"Client info of T-mobile customers on the streets", "Ashley Madison leaks personal details of 37m users", "health care high on the list of leaking data."
When data leaks reach the news it is mostly about incidents of bigger institutions or companies leaking clients. But those are not the only data leaks that need attention. The biggest data leakers are we, ourselves. When we are using the internet in a 'normal' way we are constantly giving away bits of data with every movement and click. At home, at work, when commuting, while working out. Everywhere and all the time.
With the project The Smell of Data we want to make internet users aware of their own personal data leaks. (Read the ins and outs about our plan in a previous blog post) But which are the biggest leaks we have to start working on? When do we fail most in protecting our own privacy and what are the risks?
We Have to learn from you
Please tell us about the personal data leaks you have experienced in the recent past and help us getting better grip on the necessary holes we have to cover for The Smell of Data.
Why did it become so normal to give away so much personal data so fast? We think that is because it is easy to see the profits, but difficult to see the dangers. Because how can we be careful with our data if there's no direct confrontation? That is why we want to call in smell as an online warning mechanism. As long as data is used in a safe and secure way, all is good. But as soon as data starts leaking to third parties a smell-warning will be sent out. With the Smell of Data we don't want to stop the services that people are using. Instead, we want to make the internet more instinctive so that its users can make better choices of what to trust and what not to trust.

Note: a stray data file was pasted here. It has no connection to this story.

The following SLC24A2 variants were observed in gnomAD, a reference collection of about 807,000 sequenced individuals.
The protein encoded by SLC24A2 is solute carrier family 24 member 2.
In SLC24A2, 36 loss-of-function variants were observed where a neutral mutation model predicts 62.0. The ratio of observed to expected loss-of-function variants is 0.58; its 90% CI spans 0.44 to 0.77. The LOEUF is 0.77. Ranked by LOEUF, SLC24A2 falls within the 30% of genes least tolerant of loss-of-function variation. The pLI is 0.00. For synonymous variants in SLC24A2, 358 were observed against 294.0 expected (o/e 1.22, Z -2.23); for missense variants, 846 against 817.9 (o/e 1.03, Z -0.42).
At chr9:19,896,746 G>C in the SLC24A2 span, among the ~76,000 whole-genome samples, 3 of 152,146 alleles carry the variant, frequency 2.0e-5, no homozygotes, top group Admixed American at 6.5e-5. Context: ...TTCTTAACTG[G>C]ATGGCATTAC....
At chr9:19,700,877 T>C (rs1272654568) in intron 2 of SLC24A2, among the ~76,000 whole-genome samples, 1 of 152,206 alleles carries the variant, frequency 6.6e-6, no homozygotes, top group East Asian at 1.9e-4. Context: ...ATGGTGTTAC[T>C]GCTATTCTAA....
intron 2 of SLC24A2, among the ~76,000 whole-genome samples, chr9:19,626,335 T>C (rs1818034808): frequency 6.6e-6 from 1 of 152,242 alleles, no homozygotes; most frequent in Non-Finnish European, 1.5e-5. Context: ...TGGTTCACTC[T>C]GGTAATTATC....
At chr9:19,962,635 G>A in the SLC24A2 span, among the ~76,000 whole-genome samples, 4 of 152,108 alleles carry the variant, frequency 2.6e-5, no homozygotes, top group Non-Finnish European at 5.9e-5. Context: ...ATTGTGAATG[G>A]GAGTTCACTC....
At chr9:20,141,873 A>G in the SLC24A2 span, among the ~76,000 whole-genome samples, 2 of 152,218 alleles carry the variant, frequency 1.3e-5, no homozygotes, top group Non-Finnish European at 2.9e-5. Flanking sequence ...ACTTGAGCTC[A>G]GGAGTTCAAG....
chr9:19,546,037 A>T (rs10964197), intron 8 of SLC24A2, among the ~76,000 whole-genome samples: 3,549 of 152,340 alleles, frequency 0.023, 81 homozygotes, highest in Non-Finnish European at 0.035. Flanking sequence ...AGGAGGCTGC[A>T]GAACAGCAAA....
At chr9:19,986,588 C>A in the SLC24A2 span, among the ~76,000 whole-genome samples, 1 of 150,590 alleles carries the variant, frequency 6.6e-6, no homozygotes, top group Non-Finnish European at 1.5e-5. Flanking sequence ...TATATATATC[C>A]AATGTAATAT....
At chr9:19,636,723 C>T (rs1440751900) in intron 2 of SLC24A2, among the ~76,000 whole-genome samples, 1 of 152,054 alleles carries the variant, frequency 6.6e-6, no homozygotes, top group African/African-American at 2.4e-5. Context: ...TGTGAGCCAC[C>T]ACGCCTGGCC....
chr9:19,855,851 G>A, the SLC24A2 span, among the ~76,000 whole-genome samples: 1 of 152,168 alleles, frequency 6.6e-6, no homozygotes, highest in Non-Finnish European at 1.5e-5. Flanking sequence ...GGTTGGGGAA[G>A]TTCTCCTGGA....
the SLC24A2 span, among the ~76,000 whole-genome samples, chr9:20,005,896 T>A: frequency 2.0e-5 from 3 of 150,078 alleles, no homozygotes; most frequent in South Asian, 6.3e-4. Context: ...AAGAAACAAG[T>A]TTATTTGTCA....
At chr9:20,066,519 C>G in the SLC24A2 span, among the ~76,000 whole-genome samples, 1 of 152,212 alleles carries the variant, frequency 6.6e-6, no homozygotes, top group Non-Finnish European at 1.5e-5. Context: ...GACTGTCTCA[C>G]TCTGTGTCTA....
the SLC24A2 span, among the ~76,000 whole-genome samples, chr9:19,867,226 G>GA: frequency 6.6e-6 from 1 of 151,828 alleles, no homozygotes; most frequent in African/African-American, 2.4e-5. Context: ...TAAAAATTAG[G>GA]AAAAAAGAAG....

For this we will develop a digital smell tool that recognises leaks. But what exactly are the date leaks we have to cover? Is it when the internet is browsed while logged in on an insecure network in a café or train for example, especially when you are about to do some internet banking? Or do you want to receive a smell warning as soon as you enter a website with Terms and Conditions that are out of control?*
Or is it my mom, that recently replied to a phishing email while she was in a hurry? I wished she got warned as soon as she hit the reply button. That would have saved her quite some hassle. And while she learned her lesson she could get some simple tips and tricks to prevent this from happening again.
Join us fixing the data leaks! We are searching for the right selection of accessible data leaks to start building our prototype with. Please share your personal experience with data leakage: what do you consider a leak? What was your worst data leak ever? Were you able to fix it? We are open to experiences and contributions from different fields that can help us cracking the code. Reply to this post or e-mail us personally: firstname.lastname@example.org